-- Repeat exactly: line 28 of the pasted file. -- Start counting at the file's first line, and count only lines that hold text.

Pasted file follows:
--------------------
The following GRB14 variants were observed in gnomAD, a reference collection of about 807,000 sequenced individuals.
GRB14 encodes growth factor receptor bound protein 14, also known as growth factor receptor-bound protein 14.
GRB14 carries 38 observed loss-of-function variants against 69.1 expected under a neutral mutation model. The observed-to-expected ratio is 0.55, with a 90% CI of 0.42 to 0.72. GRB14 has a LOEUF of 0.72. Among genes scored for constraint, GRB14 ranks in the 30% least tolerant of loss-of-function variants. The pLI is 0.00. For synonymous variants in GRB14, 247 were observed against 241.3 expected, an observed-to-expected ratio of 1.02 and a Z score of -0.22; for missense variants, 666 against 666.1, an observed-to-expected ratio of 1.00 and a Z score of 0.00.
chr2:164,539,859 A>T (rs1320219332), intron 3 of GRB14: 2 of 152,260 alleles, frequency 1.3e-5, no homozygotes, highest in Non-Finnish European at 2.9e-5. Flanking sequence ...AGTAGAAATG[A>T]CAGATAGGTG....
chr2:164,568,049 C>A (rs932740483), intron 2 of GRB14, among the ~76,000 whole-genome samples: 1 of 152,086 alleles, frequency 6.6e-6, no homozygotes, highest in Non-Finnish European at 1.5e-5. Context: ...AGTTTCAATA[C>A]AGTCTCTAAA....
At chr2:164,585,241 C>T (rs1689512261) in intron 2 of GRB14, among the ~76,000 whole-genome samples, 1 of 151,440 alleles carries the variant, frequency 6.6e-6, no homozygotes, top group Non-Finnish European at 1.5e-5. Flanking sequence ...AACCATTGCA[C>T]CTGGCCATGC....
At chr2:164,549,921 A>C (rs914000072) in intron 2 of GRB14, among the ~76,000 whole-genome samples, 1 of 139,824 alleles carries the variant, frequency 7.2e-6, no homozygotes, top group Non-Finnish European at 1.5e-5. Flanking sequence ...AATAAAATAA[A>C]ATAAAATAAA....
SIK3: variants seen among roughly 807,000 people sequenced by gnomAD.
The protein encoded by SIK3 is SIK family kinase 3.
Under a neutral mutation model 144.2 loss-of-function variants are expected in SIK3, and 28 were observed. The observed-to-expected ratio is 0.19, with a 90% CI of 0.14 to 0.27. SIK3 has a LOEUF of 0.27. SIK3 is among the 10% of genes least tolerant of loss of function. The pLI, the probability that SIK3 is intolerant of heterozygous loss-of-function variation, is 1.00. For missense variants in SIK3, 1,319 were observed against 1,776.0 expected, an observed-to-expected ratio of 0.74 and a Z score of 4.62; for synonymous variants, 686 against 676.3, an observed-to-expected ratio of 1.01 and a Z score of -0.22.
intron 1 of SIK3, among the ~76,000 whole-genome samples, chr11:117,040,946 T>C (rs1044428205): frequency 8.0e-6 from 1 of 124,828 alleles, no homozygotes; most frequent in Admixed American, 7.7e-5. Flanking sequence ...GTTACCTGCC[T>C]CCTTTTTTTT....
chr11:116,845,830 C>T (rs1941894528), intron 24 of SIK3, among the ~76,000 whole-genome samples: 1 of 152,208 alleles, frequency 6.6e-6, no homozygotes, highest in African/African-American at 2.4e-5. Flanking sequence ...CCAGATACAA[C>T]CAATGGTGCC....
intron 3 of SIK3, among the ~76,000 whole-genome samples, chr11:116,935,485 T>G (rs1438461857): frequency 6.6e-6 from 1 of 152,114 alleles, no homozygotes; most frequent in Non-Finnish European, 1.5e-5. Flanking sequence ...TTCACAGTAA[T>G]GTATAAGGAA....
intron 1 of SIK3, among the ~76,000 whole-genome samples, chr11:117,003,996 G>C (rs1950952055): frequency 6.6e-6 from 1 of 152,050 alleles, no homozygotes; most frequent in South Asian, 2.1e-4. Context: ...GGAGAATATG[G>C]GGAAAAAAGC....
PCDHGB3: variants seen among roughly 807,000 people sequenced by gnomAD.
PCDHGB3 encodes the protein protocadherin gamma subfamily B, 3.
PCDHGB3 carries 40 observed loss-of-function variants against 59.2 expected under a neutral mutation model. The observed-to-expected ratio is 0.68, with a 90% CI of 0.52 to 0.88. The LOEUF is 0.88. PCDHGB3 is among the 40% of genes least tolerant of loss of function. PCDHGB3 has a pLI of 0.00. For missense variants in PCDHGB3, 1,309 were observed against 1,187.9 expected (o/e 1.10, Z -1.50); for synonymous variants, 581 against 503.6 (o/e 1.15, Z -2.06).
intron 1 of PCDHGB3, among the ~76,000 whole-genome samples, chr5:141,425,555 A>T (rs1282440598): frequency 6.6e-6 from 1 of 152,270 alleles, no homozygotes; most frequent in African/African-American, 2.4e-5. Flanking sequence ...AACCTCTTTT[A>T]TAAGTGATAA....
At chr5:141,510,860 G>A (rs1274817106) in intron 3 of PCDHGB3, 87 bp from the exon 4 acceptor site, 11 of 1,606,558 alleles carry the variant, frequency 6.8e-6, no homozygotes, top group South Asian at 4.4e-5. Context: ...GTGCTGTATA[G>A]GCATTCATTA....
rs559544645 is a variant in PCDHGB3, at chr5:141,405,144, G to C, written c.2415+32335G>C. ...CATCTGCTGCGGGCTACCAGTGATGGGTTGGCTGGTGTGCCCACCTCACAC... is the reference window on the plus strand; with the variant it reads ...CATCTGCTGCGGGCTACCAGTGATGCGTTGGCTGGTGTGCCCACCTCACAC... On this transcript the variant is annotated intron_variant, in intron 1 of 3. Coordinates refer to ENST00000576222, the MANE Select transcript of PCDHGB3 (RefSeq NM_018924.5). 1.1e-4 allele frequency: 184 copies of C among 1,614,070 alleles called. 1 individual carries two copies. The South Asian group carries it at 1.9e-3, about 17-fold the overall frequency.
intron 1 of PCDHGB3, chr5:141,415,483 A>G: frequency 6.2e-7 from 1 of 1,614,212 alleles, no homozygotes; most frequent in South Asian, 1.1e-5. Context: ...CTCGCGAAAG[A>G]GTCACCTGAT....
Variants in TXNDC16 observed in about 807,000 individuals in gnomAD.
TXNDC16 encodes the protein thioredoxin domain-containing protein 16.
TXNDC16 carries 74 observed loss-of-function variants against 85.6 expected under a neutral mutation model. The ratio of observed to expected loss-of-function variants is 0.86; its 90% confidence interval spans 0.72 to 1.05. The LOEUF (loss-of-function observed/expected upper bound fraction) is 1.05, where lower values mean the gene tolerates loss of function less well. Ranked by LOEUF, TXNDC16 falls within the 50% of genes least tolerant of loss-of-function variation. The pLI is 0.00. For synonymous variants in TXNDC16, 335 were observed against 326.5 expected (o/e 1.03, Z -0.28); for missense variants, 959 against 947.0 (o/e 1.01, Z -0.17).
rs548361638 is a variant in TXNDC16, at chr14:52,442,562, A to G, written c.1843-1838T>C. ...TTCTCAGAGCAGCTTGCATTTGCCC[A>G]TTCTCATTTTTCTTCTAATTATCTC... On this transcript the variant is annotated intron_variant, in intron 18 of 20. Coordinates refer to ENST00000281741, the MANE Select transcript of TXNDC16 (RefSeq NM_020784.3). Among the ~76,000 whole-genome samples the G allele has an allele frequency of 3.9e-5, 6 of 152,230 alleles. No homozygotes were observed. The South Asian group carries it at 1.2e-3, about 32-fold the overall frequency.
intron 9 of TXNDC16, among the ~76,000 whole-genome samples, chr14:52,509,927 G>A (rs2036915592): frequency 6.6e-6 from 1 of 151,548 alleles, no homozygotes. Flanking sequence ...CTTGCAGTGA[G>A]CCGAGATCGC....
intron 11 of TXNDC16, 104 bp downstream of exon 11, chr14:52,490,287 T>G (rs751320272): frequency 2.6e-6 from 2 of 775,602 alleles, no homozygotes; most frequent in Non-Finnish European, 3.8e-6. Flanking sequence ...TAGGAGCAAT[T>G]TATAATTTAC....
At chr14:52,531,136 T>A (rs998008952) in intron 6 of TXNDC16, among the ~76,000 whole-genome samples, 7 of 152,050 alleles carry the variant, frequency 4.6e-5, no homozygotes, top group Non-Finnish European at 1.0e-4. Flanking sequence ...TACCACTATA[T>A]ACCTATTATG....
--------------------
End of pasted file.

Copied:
At chr14:52,531,136 T>A (rs998008952) in intron 6 of TXNDC16, among the ~76,000 whole-genome samples, 7 of 152,050 alleles carry the variant, frequency 4.6e-5, no homozygotes, top group Non-Finnish European at 1.0e-4. Flanking sequence ...TACCACTATA[T>A]ACCTATTATG....